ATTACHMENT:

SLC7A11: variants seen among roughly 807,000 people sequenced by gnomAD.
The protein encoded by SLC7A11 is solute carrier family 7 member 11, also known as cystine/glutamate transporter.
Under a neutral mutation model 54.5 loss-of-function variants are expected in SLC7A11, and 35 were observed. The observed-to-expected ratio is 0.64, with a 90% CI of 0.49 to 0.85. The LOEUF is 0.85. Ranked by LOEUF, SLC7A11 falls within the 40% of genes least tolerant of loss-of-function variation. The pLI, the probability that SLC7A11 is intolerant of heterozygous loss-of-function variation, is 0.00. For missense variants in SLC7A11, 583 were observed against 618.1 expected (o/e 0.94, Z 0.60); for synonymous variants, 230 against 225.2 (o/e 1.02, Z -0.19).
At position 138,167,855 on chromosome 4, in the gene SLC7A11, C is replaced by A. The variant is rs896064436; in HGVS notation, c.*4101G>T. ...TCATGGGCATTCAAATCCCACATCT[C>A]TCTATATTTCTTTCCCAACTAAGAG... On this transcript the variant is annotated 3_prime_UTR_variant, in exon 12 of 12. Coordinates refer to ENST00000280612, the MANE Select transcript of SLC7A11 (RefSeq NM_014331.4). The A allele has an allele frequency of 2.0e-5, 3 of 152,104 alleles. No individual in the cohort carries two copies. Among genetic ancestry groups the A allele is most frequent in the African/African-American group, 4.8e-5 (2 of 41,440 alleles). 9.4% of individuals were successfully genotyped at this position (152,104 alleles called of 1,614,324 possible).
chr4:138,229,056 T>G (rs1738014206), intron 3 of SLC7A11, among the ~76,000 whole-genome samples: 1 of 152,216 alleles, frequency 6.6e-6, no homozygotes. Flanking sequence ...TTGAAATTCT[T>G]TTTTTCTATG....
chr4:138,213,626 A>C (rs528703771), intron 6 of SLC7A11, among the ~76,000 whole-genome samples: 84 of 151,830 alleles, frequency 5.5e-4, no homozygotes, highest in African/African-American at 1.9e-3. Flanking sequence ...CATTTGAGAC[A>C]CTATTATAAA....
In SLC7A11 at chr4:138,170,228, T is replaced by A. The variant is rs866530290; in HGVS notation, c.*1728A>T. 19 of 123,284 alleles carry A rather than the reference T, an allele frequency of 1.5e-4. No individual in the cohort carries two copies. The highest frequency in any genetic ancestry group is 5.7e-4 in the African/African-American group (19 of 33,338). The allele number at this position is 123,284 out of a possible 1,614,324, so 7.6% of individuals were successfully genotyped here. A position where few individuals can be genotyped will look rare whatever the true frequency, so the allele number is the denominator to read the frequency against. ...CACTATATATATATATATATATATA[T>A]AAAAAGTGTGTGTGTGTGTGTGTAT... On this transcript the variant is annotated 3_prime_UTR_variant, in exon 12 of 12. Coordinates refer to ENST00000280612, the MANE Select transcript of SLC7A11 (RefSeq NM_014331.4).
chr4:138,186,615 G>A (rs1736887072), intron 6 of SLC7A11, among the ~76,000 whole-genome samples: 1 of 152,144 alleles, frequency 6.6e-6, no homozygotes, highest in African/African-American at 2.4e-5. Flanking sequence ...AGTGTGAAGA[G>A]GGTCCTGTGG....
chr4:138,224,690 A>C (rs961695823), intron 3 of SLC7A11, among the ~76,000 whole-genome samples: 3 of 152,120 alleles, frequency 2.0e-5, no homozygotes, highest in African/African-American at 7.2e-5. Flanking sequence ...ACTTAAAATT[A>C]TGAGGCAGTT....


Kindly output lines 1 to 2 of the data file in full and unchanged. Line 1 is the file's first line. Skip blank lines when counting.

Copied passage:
SLC7A11: variants seen among roughly 807,000 people sequenced by gnomAD.
The protein encoded by SLC7A11 is solute carrier family 7 member 11, also known as cystine/glutamate transporter.